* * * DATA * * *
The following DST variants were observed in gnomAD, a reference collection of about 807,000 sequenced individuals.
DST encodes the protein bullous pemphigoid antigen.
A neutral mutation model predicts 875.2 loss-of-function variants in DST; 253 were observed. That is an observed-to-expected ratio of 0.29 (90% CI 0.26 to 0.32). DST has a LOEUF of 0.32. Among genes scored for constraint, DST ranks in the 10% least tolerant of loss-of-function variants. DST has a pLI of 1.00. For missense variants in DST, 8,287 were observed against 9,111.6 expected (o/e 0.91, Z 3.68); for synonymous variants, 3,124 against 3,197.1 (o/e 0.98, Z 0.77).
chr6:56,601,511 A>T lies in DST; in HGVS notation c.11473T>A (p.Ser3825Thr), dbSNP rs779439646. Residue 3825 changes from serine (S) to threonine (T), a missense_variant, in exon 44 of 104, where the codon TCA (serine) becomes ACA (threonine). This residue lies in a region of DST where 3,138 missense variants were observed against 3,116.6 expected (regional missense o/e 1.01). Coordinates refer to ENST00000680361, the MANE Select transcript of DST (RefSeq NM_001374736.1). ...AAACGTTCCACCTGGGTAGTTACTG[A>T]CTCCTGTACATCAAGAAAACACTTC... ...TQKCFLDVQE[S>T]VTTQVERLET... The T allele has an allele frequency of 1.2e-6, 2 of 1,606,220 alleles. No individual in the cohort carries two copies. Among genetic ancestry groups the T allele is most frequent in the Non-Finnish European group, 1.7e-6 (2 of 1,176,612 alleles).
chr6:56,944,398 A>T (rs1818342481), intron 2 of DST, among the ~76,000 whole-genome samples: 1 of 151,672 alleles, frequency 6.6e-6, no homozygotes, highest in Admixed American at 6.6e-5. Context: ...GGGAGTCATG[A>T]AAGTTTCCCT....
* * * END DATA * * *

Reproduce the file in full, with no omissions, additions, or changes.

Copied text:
The following DST variants were observed in gnomAD, a reference collection of about 807,000 sequenced individuals.
DST encodes the protein bullous pemphigoid antigen.
A neutral mutation model predicts 875.2 loss-of-function variants in DST; 253 were observed. That is an observed-to-expected ratio of 0.29 (90% CI 0.26 to 0.32). DST has a LOEUF of 0.32. Among genes scored for constraint, DST ranks in the 10% least tolerant of loss-of-function variants. DST has a pLI of 1.00. For missense variants in DST, 8,287 were observed against 9,111.6 expected (o/e 0.91, Z 3.68); for synonymous variants, 3,124 against 3,197.1 (o/e 0.98, Z 0.77).
chr6:56,601,511 A>T lies in DST; in HGVS notation c.11473T>A (p.Ser3825Thr), dbSNP rs779439646. Residue 3825 changes from serine (S) to threonine (T), a missense_variant, in exon 44 of 104, where the codon TCA (serine) becomes ACA (threonine). This residue lies in a region of DST where 3,138 missense variants were observed against 3,116.6 expected (regional missense o/e 1.01). Coordinates refer to ENST00000680361, the MANE Select transcript of DST (RefSeq NM_001374736.1). ...AAACGTTCCACCTGGGTAGTTACTG[A>T]CTCCTGTACATCAAGAAAACACTTC... ...TQKCFLDVQE[S>T]VTTQVERLET... The T allele has an allele frequency of 1.2e-6, 2 of 1,606,220 alleles. No individual in the cohort carries two copies. Among genetic ancestry groups the T allele is most frequent in the Non-Finnish European group, 1.7e-6 (2 of 1,176,612 alleles).
chr6:56,944,398 A>T (rs1818342481), intron 2 of DST, among the ~76,000 whole-genome samples: 1 of 151,672 alleles, frequency 6.6e-6, no homozygotes, highest in Admixed American at 6.6e-5. Context: ...GGGAGTCATG[A>T]AAGTTTCCCT....